Decision analysis is a process whereby a description of a process is transformed into a quantitative model that can be used to demonstrate the relationships between inputs used, processes and outputs. This facilitates the efficient application of analytical methods1
so as to determine what can improve a process, sensitivities of a process performance to specific inputs and conditions and to project the implementation of a project over time or the performance of a process in the future.
To achieve useful practical outcomes from such a process there is a need for a proficiency in the design and implementation of appropriate decision analysis models. The most useful models often combine well-established analytical techniques1
with the unique features, relationships, algorithms and structural logic relating to the specific system of concern to decision-makers. Best practice in the identification of the most appropriate decision analysis models involves a reiterative decision analysis cycle. The decision analysis cycle
Model building has the purpose of maximising the transparency of all critical factor relationships which determine decision outcomes while minimising the potential for errors arising from inadequate model design and information used. The decision analysis cycle is a design refinement and learning approach based upon a proactive evolution in the quality of three specific types of information:
1. The information and knowledge used to construct a model which encapsulates the understanding of the relationships between the critical factors which determine decision outcomes (deterministic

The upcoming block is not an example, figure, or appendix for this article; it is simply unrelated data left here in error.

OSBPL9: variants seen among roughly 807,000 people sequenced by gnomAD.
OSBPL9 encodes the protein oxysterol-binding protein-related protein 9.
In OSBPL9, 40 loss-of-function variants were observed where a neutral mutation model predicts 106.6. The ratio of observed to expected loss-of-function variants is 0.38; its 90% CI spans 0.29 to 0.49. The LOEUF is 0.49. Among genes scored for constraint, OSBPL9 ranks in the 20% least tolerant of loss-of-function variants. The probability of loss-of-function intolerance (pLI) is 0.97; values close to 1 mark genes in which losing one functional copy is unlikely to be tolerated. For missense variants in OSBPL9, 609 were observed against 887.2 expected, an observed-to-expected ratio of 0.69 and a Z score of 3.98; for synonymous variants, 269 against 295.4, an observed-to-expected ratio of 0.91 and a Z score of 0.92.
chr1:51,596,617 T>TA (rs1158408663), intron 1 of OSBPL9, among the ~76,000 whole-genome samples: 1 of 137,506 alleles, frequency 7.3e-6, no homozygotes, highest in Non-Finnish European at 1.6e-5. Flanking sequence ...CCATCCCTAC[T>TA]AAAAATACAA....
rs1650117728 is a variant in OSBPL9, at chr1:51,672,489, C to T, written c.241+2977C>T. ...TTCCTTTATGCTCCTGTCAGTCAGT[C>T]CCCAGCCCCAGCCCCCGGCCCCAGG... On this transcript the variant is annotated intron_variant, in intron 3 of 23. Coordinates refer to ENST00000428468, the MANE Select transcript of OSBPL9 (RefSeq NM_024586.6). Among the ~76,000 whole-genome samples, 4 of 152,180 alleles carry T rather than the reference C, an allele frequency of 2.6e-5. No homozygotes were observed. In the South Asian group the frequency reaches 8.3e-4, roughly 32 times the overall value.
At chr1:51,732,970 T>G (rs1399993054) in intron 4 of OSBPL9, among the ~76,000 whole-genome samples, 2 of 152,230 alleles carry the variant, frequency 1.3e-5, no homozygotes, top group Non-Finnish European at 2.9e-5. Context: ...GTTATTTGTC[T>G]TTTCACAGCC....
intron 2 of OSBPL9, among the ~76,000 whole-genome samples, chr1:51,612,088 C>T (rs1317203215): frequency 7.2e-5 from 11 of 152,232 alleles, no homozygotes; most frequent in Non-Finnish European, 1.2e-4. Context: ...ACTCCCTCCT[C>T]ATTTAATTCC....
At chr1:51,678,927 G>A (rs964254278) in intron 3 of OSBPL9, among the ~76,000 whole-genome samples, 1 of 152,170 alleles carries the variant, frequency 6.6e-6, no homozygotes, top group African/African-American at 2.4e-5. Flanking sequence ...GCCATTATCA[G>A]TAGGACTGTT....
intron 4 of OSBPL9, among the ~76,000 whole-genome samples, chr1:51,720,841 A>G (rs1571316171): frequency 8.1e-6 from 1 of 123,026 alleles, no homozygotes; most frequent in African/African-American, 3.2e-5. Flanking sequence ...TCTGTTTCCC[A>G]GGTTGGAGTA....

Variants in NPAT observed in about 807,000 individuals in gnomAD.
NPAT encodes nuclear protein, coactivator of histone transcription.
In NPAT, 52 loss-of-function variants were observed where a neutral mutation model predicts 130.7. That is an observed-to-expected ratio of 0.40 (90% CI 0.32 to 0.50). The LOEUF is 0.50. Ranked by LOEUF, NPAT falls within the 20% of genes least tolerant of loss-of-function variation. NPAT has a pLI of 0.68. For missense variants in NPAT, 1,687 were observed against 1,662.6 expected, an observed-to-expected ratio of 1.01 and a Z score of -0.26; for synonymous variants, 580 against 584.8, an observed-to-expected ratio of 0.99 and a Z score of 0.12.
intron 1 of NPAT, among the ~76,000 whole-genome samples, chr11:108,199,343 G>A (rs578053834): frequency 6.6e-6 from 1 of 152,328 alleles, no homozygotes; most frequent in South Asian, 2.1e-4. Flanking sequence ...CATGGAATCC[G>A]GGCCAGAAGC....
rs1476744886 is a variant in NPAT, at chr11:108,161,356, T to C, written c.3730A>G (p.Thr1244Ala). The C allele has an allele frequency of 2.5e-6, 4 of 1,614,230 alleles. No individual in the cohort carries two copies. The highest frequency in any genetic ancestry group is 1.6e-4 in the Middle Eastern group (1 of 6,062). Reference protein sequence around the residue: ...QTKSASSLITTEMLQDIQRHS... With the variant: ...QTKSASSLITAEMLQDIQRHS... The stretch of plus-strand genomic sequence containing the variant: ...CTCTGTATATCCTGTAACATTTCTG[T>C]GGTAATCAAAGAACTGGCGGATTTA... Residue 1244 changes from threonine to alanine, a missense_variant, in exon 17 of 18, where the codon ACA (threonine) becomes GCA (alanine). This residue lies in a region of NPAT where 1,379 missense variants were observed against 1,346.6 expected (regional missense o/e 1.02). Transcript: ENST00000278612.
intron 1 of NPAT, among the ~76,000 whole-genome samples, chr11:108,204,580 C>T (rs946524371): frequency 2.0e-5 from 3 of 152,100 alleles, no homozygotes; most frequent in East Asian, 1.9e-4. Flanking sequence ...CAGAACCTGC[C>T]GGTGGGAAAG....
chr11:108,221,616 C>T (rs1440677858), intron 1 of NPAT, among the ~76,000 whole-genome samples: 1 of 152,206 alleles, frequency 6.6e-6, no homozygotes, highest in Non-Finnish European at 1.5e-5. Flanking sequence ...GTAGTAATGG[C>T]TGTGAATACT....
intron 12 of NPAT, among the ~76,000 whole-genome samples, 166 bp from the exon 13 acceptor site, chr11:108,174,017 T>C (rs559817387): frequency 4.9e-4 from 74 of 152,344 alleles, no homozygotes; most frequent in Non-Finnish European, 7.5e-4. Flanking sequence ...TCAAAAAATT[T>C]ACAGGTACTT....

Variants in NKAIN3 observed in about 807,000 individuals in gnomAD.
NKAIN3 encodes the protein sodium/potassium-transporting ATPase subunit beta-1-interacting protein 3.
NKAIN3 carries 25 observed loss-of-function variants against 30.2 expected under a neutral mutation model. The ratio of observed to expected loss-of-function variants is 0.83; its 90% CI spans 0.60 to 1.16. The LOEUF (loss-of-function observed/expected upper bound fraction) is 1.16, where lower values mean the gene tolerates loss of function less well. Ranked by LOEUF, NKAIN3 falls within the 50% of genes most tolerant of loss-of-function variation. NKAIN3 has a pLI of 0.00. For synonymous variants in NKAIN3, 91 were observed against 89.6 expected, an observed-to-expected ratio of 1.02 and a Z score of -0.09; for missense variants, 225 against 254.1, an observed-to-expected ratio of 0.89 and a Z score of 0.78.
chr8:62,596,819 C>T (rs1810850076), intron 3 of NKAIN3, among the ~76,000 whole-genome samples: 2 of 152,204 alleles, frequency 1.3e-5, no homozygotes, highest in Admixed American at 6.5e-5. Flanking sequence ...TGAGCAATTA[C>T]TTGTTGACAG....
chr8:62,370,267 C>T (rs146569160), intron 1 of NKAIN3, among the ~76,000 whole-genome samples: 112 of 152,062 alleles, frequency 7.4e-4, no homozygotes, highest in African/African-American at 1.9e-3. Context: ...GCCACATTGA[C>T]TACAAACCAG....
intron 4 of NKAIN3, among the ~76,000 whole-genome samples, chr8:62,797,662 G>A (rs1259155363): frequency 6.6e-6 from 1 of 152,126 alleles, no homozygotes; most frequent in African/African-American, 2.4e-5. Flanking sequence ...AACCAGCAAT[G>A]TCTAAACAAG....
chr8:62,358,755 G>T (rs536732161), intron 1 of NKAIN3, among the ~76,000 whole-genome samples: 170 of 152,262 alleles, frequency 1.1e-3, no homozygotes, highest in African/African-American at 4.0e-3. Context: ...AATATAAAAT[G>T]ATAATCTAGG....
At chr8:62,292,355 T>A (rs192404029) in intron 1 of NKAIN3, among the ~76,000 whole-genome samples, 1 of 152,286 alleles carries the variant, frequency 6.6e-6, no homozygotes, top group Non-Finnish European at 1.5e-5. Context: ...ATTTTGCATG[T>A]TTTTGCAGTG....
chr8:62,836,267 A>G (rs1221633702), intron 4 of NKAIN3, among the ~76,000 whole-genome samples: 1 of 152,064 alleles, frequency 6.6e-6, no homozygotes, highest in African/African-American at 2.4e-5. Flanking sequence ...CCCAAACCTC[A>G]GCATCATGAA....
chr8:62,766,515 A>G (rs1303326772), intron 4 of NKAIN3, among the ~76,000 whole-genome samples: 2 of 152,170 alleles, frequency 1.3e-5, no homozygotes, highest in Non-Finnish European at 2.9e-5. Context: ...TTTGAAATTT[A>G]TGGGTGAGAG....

). Examples are the number and quality of components required to make a device or the amount of fertilizer required to achieve a specific crop yield.
2. The confidence in the applicability of the model rests upon the probabilities of critical events, not all of them under the control of the decision-maker (probabilistic
). Examples include variability in output of a crop associated with weather, irrigation and other protective devices or the likelihood of frost attack.
3. The utility of the model finally depends upon the availability and quality of the information (data) used in building the model and to predict outcomes (informational
). Examples include more refined data on the relationships between determinants (item 1), better statistical information on probabilities (item 2) or new information on alternative determinant relationships (options).
A decision analysis model is deemed to represent an acceptable standard when sufficient confidence has been attained that the deterministic, probabilistic and informational dimensions cannot be refined further have attained an acceptable level of uncertainty2
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